“You’re covered, save Shaprone!” Ekaf cried.
The four soldiers who’d been amongst the pews, aside from the one Acamus had kebabbed, chose to face chained knights over the minotaur and so as the seven remaining captors beat down the remaining three knight-guards, the other Knights of the Order sneaked up behind them and slit two Ipativian throats before Shaprone noticed. He quickly severed the nearest Order-knight’s jugular. The three Knights of the Order hesitated, seeing the battle before them and realizing they’d not only lost but also gotten themselves trapped, which gave the chained soldiers enough time to hack them down with stolen swords. When the captives turned back towards the doors, they saw that the blood bath was over thanks to the five mysterious saviors.
As Ekaf rushed to the shackled soldier’s aid, slicing through their chains with his void-dust infused blade, Bold, Nogard, and Zach glanced around and were shocked to note that the bodies of the recently slaughtered weren’t the only deceased on the church floor. This short skirmish appeared to have been at least the second fight to take place in the temple that day.
Their leader, the mustached man – also known as Shaprone Ipativy – approached Acamus, whom he assumed was the leader of their ragtag saviors, and knelt before him.
“Acamus Icespear, I owe you my life.”
Acamus bowed, accepting the complement.
“We came here for Theseus.” Ekaf stated, suddenly standing between the two, offering Shaprone his blade.
“Ah,” Shaprone nodded. He extended his arms, Ekaf cut the chains, then he continued, “you came to the right place. This was our last checkpoint within the city.”
“Last?” Ekaf gasped.
“When we stormed Rivergate, we had this church and at least ten other bases secured. Since then, the tides have turned against us. We should’ve left here sooner, but we held out as long as we could in case Theseus might return…we would’ve died here, nearly died here this morning had these fools not decided to try and take us back to Shalis. I cannot thank you enough for showing up when you did.”
Acamus nodded, not saying a word.
“On the bright side, we’ve got Mountaingate and the Castle fortified like you wouldn’t believe. Even if that witch can keep us out of the city, she won’t be able to get through that gate anytime soon.” He patted Acamus on the side of his arm, “That is where we should head. Your father knows if we aren’t at the church, we’d be back at Mountaingate.”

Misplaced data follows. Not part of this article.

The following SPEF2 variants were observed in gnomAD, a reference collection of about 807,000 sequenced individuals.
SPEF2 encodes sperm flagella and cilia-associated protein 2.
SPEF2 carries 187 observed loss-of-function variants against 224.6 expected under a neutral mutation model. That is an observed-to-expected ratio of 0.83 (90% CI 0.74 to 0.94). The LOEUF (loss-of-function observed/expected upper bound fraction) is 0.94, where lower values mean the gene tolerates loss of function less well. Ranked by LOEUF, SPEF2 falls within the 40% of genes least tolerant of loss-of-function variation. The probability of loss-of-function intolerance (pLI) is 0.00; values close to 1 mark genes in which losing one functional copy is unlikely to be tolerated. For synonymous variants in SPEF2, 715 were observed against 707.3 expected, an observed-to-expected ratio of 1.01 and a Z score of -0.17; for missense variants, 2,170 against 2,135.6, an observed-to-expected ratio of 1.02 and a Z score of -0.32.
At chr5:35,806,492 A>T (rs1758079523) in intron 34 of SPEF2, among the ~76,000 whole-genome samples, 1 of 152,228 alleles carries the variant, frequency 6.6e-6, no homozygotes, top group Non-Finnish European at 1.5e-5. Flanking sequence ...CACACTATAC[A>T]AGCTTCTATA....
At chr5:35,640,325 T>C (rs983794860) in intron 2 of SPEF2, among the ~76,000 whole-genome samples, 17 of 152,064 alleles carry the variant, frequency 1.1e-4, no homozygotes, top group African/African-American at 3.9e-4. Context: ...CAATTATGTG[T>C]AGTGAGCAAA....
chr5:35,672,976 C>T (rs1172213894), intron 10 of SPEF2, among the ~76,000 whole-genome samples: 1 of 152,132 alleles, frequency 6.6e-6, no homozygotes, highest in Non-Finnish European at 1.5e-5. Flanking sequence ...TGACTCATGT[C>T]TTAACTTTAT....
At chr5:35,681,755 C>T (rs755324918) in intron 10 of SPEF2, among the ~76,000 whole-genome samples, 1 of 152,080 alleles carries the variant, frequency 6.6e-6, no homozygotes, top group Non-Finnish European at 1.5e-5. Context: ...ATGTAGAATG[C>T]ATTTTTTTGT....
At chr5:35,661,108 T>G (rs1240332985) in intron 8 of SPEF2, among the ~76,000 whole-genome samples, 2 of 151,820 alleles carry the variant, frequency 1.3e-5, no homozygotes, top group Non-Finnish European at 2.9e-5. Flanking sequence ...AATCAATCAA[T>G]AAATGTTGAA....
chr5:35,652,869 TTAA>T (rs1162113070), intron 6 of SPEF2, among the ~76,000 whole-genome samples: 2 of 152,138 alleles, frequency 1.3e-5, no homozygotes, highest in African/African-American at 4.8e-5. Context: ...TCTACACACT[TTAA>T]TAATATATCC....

“Won’t he come here first?” Acamus asked.
Shaprone shook his head, “Not if it’s too dangerous.”
“It is safe now.” Acamus stated.
“Not for long,” Shaprone said, “they sent a mailmole for back up.”
Zach stepped into the conversation, “The city is filling with members of the Order.”
Acamus didn’t seem convinced.
“I understand if you want to stay Acamus,” Shaprone stated, “But my comrades and I must go and go now. I want to stay aswell. But I must think about these men and women. If we leave now, then we may be able to get the bodies of those who fell here back to their families aswell.”
Bold and Nogard exchanged glances, both doubting that Acamus would make the rational decision. Both wondering whether they would stay with Acamus if he did chose to wait. But then the minotaur proved them wrong.
“You are right, my friend.” Acamus nodded.
“We can help ya with the bodies.” Bold suggested.
“There are wagons out back,” Shaprone turned to his troops, “Sarah, Rachel-”
They hurried off without another word.
“Interesting little knife you have there.” Shaprone said, turning back to his heroes and addressing Ekaf.
Ekaf bowed his head, “Thank you sir, it’s Knomish made.”
“Not the Duikii, is it?”
Shaprone responded to the Knome with a blank stare, a face of silent suspicion.
– – –
Theseus kicked the bodies, checking to see if any had survived. Despite the scorched courtyard outside and the obliterated state of the church, the scene looked hopeful. None of the scattered bodies were minotaurs and none were Knights of Ipativy. Whatever had taken place, the Order hadn’t won. Bending over, Acamus picked up a shard of ice, four finger tips were still frozen inside.
“From the looks of it, your friends and my son arrived and escaped,” Theseus said, “and it seems they didn’t spare a soul.”
“They did spare one,” Joe said from where he stood beside the pulpit, “barely.”
The man sat on his butt behind the pulpit, leaning his back against the wall. His body was wrapped in black plated armor, drizzled in blood that had leaked from the wound on his face. An arrow was lodged in the elf’s left eye. The man looked forwards but seemed not to have noticed Joe. His lip, caked with dried blood, quivered as he whispered to himself.
Theseus joined Joe’s side and said, “Barely, indeed.”
The man lurched forward, his right eye wide and focused on the minotaur. Theseus stuck a hoof to the elf’s sternum and pushed him back to the ground.
“Help me!” The elf screamed, “Please, help me!”
“There’s only one way to help a dying man.” Theseus said.
Theseus put a hoof to the elf’s skull and Joe quickly turned away, clutching his knees and hurling though nothing came out. When he recovered, the sight at the mouth of the church was just as disheartening.